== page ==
Venturing into virtual space

Like most tour guides who made the leap into the virtual experience market to tide through the Covid-19 slump, Lee Xian Jie also ventured down the same route – what’s interesting is that his virtual pivot happened because of a dog.

The 30-year-old Singaporean, who runs Kyoto-based tour agency Craft Tabby with his business partner, Yasuhiro Shiwaku, made the decision to pause the company’s in-person tours last February, at the peak of the Covid-19 outbreak in China.

Lee bringing guests on a tour around Kyoto’s famous Fushimi Inari Shrine in pre-pandemic times

Towards the end of June, it became clearer to them that Covid-19 would drag on. When approached by Airbnb to craft a product for its Online Experiences platform, Lee was initially resistant to the idea as he thought the whole point of travel was to experience things first-hand.

“But I had been taking the downtime to pursue my interest in plant identification, and was walking my dog Mori endlessly. One day, I was taking her on a walk through the Kyoto Gyoen National Garden where the Imperial Palace is, and called my family in Singapore to show them how Mori was sniffing and chewing at wildflowers,” he recounted.

“Mori was born wild in the forest so she was especially interested in flowers that happened to have medicinal properties, and ignored all the toxic flowers.”

It was then that the idea of a virtual tour with Mori hit him, and Flower Hunting in Kyoto with Mori the Doggo was born. Since its launch last April, Lee has taken hundreds of virtual travellers on a live tour of the Palace grounds, identifying wild flowers and plants that Mori stopped by, with the help of a botanist friend.

Response for the online experience has been “overwhelming” from the get-go, according to Lee. “People were booking it for loved ones who love plants, but had mobility issues and would never be able to fly to Japan, and I was surprised by how older guests were the most enthusiastic,” he shared. “Over half of the people on the first tour were over 60, and almost everyone was using Zoom for the first time.”

Today, Craft Tabby has expanded its online experience menu to include Forest Bathe in Kyoto’s Sacred Mountain, an adaptation of its popular Alternative Fushimi Inari Walking Tour; and Zoom Around Kyoto the City of Water, exploring how Kyoto’s underground water sources shaped the city’s food, culture and spirituality. Elsewhere, Fly Like A Dragon in the Dragon Village involves flying a drone through scenic spots in the Ryujinmura Village in Wakayama Prefecture.

Starting off with about 50 bookings in April, that number swelled to 500 in November, with the rollout of new products along the way. Last month, the company secured about 1,000 bookings, partially made up of corporate clients.

Lee explained: “Online experiences are very different from in-person tours. They are never just about a place, but about seeing things that cannot be seen in real life. For example, I go under waterfalls at Mt Inari to demonstrate the traditional waterfall meditation and ritual for Forest Bathe in Kyoto’s Sacred Mountain.

“That’s something I wouldn’t be able to do on the actual tour because there are spiritual spaces, not somewhere you can take others for touristic purposes.”

Lee at the sacred waterfall at Mt Inari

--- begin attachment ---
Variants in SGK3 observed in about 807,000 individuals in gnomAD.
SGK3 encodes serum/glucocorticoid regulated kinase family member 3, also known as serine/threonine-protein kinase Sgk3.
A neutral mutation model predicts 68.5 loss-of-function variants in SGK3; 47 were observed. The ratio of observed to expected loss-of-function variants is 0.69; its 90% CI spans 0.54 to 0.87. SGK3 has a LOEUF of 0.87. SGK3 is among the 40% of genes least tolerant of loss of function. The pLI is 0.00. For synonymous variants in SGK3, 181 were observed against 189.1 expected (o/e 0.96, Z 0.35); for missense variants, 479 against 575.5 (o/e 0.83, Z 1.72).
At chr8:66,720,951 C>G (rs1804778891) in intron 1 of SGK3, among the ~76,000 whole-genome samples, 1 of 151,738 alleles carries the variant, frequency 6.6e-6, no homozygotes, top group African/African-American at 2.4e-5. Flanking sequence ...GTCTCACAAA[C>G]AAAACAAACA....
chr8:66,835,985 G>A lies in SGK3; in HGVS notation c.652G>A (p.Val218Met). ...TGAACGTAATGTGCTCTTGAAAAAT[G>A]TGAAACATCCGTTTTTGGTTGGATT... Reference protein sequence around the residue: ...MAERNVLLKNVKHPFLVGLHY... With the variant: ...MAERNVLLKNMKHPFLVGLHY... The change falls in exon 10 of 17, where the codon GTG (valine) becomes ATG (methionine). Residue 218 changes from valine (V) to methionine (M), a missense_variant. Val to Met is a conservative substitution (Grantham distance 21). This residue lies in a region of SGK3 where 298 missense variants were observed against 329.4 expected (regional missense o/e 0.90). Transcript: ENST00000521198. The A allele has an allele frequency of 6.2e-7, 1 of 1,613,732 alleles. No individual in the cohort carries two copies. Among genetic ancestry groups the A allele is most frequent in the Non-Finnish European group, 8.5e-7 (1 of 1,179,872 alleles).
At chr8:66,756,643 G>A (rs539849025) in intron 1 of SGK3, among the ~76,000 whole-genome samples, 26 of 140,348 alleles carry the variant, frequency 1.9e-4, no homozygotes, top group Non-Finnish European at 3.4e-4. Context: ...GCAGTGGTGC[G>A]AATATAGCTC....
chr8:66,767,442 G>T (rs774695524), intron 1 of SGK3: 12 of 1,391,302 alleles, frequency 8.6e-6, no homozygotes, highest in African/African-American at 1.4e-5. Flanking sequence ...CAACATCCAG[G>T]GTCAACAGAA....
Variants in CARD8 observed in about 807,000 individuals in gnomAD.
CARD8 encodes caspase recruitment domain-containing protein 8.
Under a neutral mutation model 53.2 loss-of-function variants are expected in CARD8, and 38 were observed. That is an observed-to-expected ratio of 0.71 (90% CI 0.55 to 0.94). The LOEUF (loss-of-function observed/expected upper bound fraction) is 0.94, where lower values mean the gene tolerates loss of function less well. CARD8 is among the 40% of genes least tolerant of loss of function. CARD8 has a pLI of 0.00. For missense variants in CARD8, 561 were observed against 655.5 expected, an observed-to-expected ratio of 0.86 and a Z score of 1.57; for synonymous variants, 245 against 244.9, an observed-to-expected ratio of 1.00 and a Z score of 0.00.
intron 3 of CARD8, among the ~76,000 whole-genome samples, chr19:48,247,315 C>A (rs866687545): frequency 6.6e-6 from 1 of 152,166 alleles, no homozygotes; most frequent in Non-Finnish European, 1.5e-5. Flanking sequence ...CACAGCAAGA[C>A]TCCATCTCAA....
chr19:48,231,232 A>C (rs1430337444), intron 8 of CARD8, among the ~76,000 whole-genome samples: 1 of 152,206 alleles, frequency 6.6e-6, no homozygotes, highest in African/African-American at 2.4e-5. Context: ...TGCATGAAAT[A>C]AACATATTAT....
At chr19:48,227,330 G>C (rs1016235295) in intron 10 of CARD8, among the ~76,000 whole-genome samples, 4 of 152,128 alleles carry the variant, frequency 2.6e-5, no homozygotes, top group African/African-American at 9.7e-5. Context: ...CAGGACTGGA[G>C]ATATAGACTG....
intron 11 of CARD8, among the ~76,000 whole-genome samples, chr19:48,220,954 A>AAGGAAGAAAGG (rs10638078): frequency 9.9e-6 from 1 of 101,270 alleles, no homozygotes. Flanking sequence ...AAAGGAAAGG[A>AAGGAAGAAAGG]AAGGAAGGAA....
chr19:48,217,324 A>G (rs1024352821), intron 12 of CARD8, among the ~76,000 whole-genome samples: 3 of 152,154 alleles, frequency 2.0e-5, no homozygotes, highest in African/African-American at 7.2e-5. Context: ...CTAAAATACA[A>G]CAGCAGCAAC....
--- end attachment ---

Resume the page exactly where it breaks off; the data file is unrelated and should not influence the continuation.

In Zoom Around Kyoto the City of Water, Turkish-born guide Gulay takes guests to eight different places scattered across the city in one hour, tying the story together with the theme of water. Lee said: “Most people would not physically be able to visit all eight places in one day in real life, let alone one hour.”

The virtual pivot has made Craft Tabby less of a tour guiding company, and more of an agency that creates interactive documentary experiences, described Lee.

“It has opened us to new markets, like psychologist networking groups who want to experience forest bathing in the land where forest bathing was born, and teams from companies like Amazon, Facebook, Google, and IBM wanting to see how we are using Zoom in a totally new way,” he said, adding that his past experience as a documentary producer for Al Jazeera English came in handy when crafting online experiences.

As well, Craft Tabby has collaborated with Singapore tour agency Lion Heartlanders to bring online experiences in Japan to hundreds of schoolchildren in Singapore. “We are now working on a new live tour where schoolchildren can control the narrative and see things happening in Japan in real time,” Lee said.

The bulk of Craft Tabby’s bookings for online experiences comes via the Airbnb’s Experiences platform. While its offerings have been listed on TripAdvisor, Sistic and other booking sites, more than 90 per cent of bookings have come through Airbnb, shared Lee. “We expect this percentage to fall as more group bookings come through experience providers like Lion Heartlanders,” he added.

These days, Lee has also been kept busy restoring a farmhouse in Ryujinmura Village. In future, he plans to run nature tours and a farm-to-table organic café there – a retirement plan he said was brought forward by Covid-19. Revenue earned from his Fly Like A Dragon in the Dragon Village experience, which was shot in that village, is pumped into the restoration project.

Looking ahead, Lee said the agency plans to hire and train local guides to give in-depth nature tours and workshops in Ryujinmura. Post-pandemic, he will also resume work on creating an English-language app to guide visitors to hidden gems in Kyoto where they can learn about specific aspects of the city’s culture.

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